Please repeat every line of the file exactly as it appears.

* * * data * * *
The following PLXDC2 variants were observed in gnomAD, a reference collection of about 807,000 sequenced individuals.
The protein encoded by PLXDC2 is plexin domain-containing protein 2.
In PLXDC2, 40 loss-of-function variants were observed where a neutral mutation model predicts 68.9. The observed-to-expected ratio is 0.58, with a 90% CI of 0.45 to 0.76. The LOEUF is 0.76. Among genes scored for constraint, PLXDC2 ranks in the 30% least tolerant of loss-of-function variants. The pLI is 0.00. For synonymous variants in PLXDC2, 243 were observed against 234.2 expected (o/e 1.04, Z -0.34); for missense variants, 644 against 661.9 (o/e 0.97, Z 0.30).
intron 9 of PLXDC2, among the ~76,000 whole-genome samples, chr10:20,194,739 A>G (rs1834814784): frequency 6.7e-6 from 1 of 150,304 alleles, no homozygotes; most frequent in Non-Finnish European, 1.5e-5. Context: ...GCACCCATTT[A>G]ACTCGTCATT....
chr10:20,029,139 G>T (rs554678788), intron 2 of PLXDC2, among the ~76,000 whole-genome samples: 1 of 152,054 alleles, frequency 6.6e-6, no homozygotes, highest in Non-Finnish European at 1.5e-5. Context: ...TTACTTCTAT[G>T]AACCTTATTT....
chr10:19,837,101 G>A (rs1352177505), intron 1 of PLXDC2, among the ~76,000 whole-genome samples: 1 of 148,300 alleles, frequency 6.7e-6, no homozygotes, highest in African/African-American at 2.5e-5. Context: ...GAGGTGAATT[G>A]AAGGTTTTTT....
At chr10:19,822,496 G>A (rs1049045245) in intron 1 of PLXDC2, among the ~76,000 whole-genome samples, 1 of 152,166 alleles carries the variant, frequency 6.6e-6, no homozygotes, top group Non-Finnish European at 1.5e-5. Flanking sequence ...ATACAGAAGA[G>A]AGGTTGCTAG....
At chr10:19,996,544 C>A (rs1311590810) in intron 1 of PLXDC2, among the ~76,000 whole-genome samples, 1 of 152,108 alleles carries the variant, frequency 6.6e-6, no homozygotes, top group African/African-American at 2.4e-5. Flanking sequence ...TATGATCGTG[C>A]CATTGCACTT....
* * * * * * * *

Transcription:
The following PLXDC2 variants were observed in gnomAD, a reference collection of about 807,000 sequenced individuals.
The protein encoded by PLXDC2 is plexin domain-containing protein 2.
In PLXDC2, 40 loss-of-function variants were observed where a neutral mutation model predicts 68.9. The observed-to-expected ratio is 0.58, with a 90% CI of 0.45 to 0.76. The LOEUF is 0.76. Among genes scored for constraint, PLXDC2 ranks in the 30% least tolerant of loss-of-function variants. The pLI is 0.00. For synonymous variants in PLXDC2, 243 were observed against 234.2 expected (o/e 1.04, Z -0.34); for missense variants, 644 against 661.9 (o/e 0.97, Z 0.30).
intron 9 of PLXDC2, among the ~76,000 whole-genome samples, chr10:20,194,739 A>G (rs1834814784): frequency 6.7e-6 from 1 of 150,304 alleles, no homozygotes; most frequent in Non-Finnish European, 1.5e-5. Context: ...GCACCCATTT[A>G]ACTCGTCATT....
chr10:20,029,139 G>T (rs554678788), intron 2 of PLXDC2, among the ~76,000 whole-genome samples: 1 of 152,054 alleles, frequency 6.6e-6, no homozygotes, highest in Non-Finnish European at 1.5e-5. Context: ...TTACTTCTAT[G>T]AACCTTATTT....
chr10:19,837,101 G>A (rs1352177505), intron 1 of PLXDC2, among the ~76,000 whole-genome samples: 1 of 148,300 alleles, frequency 6.7e-6, no homozygotes, highest in African/African-American at 2.5e-5. Context: ...GAGGTGAATT[G>A]AAGGTTTTTT....
At chr10:19,822,496 G>A (rs1049045245) in intron 1 of PLXDC2, among the ~76,000 whole-genome samples, 1 of 152,166 alleles carries the variant, frequency 6.6e-6, no homozygotes, top group Non-Finnish European at 1.5e-5. Flanking sequence ...ATACAGAAGA[G>A]AGGTTGCTAG....
At chr10:19,996,544 C>A (rs1311590810) in intron 1 of PLXDC2, among the ~76,000 whole-genome samples, 1 of 152,108 alleles carries the variant, frequency 6.6e-6, no homozygotes, top group African/African-American at 2.4e-5. Flanking sequence ...TATGATCGTG[C>A]CATTGCACTT....